The IB Extroverts | Aga Khan Academies

The IB Extroverts

16 April 2008

During his speech made at the Inauguration Ceremony of this school, His Highness the Aga Khan underscored the important contribution the citizens of Africa can make to address what he called the somber global circumstance in which we live. He stated that “their writings and research must contribute to the edifice of knowledge; their publications, inventions, and artistic and architectural creations must be of a quality to enrich the human experience”.

This quotation was part of the opening remarks made by Zubair Kassam, Head of the AKAM English Department, as he introduced the second cohort of IB Diploma candidates before each of them presented their internal assessments to the public. “The IB Extroverts”, as they call themselves, made a remarkable presentation across the various disciplines they have studied during the last eighteen months of their course.

The richness of what the IB Diploma course has to offer was superbly demonstrated by each of the speakers. Kennedy Mbuvi boasted the first IB Diploma Mathematics Extended Essay in Africa, under the topic: “Superannuation”, answering in length a research question of only 40 words; Kirsty Bird delved into the topic, “From Artifact to Curio – the Journey of the African Mask”, under the discipline of Visual Arts.

Why would a student be taking samples of saliva from Arcea nut chewers somewhere in Old Town Mombasa? One wonders! Yet, Irfan Samji did it to establish the saliva’s Ph measure, generating scientific evidence that the habit indeed predisposed chewers to oral cancer.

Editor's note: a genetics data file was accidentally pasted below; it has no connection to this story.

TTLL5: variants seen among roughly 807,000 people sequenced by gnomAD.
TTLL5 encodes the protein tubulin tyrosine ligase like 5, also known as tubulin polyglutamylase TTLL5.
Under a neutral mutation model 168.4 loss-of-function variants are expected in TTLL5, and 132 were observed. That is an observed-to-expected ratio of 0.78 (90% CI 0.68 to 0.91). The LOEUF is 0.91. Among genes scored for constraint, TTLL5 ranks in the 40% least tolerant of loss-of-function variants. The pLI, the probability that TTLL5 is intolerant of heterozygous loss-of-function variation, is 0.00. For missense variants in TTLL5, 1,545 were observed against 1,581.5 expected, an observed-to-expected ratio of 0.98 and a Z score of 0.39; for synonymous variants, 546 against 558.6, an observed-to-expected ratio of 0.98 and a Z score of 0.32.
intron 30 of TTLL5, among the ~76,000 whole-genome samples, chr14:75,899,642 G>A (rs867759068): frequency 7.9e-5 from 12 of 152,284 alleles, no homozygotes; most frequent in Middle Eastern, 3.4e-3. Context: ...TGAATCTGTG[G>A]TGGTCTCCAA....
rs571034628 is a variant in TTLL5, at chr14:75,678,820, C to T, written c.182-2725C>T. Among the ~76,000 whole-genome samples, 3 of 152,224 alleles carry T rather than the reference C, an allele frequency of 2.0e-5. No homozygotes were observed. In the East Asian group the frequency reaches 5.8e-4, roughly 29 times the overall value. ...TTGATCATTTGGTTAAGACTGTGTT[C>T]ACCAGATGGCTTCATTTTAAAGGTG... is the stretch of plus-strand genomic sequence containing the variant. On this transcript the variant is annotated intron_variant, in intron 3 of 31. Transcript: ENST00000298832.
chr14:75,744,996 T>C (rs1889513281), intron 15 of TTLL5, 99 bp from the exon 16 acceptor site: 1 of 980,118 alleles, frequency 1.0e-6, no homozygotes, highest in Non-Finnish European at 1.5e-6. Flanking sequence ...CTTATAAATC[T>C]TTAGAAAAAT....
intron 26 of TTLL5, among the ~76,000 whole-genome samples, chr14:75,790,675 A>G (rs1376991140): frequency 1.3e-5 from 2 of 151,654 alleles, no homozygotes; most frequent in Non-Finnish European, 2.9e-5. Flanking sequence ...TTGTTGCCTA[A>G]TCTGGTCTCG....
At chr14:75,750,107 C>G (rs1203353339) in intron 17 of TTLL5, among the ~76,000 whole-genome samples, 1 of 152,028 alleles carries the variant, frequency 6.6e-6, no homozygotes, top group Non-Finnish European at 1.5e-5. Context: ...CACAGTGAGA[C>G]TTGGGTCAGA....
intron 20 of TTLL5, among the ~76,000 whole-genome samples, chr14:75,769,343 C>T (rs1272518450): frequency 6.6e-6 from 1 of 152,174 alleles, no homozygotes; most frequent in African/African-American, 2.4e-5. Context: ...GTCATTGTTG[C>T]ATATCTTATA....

Seeking another first at the Academy was Dure-Nayab Khatry: this time, with a presentation in Swahili. The ease with which she delivered her Kiswahili Extended Essay presentation underscored the IBO’s belief that, in one’s mother tongue, complicated ideas can be expressed with supreme and admirable clarity.

The ambition of the IB curriculum is to create compassionate citizens. Sheliza Ramji brought this phenomenon to fore with the depiction of what her ITGS project endeavoured to achieve; a worldwide reach for the Mwokoeni Children’s Centre through the creating and hosting of a website for the institution. The centre, one of the school’s CAS focus centres, is in a disadvantaged part of Mombasa, and offers dismally impoverished children a free education.

Good, practical advice for the aspiring IB students and next year’s candidates was not in short supply. “Make sure you complete your first World Literature assignment in the first year because you will need the whole of the second year for the second assignment…” Salsabiha Sheikh’s asserted.

Each member of the class had the opportunity to present his or her particular topics of interest, and, at the end, all received a thunderous standing ovation from the crowd. The Aga Khan Academy, Mombasa, is very proud of this year’s cohort of IB graduates, and their talents and wide spectrum of interests shone through in an impressive display of intellectual curiosity and depth of knowledge.